“It’s still a really bucolic neighbourhood,” she says, pointing to its well-manicured lawns and tree-lined streets and noting the area is still reasonably affordable. “It’s attainable and it’s central. People are willing to sort of perhaps scale down and take a smaller house in those (types of) neighbourhoods.”
Ross Tavel of Keller Williams Integrity Realty agrees, adding nearby Little Italy is really gaining steam as well.
“You’re so close to downtown, you have Dow’s Lake, you have the new hospital coming,” he explains. “That area is on fire.”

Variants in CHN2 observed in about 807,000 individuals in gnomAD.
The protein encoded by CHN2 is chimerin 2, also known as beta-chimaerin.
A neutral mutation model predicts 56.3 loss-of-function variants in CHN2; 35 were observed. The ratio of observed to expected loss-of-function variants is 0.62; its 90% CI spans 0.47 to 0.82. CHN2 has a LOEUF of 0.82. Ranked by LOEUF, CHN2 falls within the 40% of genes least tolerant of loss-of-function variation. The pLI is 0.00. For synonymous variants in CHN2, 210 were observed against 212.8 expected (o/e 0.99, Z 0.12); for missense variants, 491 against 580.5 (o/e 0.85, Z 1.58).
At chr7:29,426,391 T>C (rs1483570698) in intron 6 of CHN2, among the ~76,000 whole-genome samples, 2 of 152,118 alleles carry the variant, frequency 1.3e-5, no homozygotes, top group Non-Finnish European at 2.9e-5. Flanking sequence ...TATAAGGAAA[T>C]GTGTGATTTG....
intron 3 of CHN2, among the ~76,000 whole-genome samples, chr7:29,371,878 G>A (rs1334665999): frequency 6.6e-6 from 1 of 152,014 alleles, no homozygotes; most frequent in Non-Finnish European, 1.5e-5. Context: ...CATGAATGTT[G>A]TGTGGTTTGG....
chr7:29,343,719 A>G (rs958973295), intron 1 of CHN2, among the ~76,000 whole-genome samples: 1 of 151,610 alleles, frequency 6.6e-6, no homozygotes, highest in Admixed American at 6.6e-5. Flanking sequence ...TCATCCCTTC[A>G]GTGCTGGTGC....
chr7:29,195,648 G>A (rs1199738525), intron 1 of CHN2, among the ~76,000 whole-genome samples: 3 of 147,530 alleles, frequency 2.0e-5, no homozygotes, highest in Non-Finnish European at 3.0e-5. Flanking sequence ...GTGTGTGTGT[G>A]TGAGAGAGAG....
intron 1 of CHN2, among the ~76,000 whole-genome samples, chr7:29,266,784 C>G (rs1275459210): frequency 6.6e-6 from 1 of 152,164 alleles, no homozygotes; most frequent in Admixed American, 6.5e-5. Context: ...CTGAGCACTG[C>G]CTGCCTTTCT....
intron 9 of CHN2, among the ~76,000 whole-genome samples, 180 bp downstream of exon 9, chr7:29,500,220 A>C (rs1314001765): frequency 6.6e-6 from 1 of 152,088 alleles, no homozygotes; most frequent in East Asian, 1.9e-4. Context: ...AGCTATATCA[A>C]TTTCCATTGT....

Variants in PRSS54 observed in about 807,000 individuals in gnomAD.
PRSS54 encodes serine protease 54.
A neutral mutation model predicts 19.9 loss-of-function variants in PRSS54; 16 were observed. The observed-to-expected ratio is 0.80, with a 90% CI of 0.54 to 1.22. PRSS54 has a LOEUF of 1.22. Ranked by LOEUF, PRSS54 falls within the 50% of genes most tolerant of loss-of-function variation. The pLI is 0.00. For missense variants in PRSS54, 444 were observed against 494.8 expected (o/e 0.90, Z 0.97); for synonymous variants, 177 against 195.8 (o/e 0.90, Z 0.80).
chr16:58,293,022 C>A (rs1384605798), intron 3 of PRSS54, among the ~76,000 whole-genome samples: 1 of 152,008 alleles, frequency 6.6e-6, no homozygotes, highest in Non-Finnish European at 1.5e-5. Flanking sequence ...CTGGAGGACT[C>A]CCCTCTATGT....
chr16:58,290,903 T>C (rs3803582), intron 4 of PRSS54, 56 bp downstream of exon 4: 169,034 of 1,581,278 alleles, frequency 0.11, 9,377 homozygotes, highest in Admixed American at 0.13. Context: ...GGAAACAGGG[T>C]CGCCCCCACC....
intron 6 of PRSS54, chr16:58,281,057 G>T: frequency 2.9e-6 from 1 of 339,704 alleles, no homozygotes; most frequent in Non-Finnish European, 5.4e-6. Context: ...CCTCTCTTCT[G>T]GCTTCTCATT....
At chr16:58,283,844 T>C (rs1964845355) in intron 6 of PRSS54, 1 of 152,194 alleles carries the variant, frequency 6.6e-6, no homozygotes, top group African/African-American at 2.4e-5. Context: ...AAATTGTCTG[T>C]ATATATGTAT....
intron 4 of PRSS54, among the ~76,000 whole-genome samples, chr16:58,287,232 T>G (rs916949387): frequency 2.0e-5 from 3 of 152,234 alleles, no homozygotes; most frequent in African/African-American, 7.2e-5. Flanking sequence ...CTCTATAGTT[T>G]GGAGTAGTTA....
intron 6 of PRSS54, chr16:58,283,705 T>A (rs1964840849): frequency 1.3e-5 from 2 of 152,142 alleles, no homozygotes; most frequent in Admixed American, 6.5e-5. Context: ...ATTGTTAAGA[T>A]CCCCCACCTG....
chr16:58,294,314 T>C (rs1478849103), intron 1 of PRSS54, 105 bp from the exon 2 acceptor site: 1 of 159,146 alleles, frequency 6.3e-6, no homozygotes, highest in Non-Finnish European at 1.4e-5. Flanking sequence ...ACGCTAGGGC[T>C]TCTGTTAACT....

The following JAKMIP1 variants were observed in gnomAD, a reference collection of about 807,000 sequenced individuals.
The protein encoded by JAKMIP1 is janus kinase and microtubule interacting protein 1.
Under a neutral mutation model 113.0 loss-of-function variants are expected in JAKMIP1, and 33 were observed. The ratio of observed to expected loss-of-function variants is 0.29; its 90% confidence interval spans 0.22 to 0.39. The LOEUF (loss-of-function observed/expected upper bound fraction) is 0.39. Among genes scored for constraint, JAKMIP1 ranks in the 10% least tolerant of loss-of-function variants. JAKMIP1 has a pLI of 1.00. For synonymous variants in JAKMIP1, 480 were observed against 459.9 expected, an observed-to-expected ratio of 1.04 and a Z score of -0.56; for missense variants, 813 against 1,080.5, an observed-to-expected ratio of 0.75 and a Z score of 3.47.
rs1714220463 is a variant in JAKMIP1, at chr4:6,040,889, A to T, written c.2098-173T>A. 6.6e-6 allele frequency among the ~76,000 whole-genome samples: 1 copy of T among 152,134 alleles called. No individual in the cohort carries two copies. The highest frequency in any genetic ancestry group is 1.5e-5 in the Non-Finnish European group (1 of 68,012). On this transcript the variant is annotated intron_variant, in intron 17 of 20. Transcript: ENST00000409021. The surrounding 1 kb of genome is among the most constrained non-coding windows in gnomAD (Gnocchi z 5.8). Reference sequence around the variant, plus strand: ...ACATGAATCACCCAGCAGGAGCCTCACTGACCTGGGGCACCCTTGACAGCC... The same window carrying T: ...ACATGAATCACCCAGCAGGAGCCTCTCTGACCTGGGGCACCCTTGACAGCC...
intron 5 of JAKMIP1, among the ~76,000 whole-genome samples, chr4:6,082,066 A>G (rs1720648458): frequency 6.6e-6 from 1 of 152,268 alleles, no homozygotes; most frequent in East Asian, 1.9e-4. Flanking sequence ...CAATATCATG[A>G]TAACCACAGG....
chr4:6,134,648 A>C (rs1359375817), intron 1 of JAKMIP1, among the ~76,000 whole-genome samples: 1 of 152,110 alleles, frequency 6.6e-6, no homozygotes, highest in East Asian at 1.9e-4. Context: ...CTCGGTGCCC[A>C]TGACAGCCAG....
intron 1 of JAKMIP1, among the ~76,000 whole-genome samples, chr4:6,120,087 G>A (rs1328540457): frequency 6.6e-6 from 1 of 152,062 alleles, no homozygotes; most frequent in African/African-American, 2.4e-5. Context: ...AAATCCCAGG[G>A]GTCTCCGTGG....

Tavel notes that while Vanier and nearby Overbrook have often been overlooked by many prospective homebuyers, the neighbourhoods just east of the Rideau River are starting to come into their own. “That area is so close to downtown. The price point is really low,” he says. “When a good home comes to the market and it’s priced properly, it sells very quickly in Vanier-Overbrook.”
Although these neighbourhoods certainly don’t qualify as hidden gems, veteran realtor Paul Rushforth says they just keep growing in popularity.
“When someone calls me and says, ‘Hey, I’m looking to find a townhouse in Barrhaven for four-hundred thousand (dollars), my response is, ‘Good luck,’” Rushforth says with a chuckle, adding the west end is thriving in large part due to the booming tech sector. “It’s almost impossible.”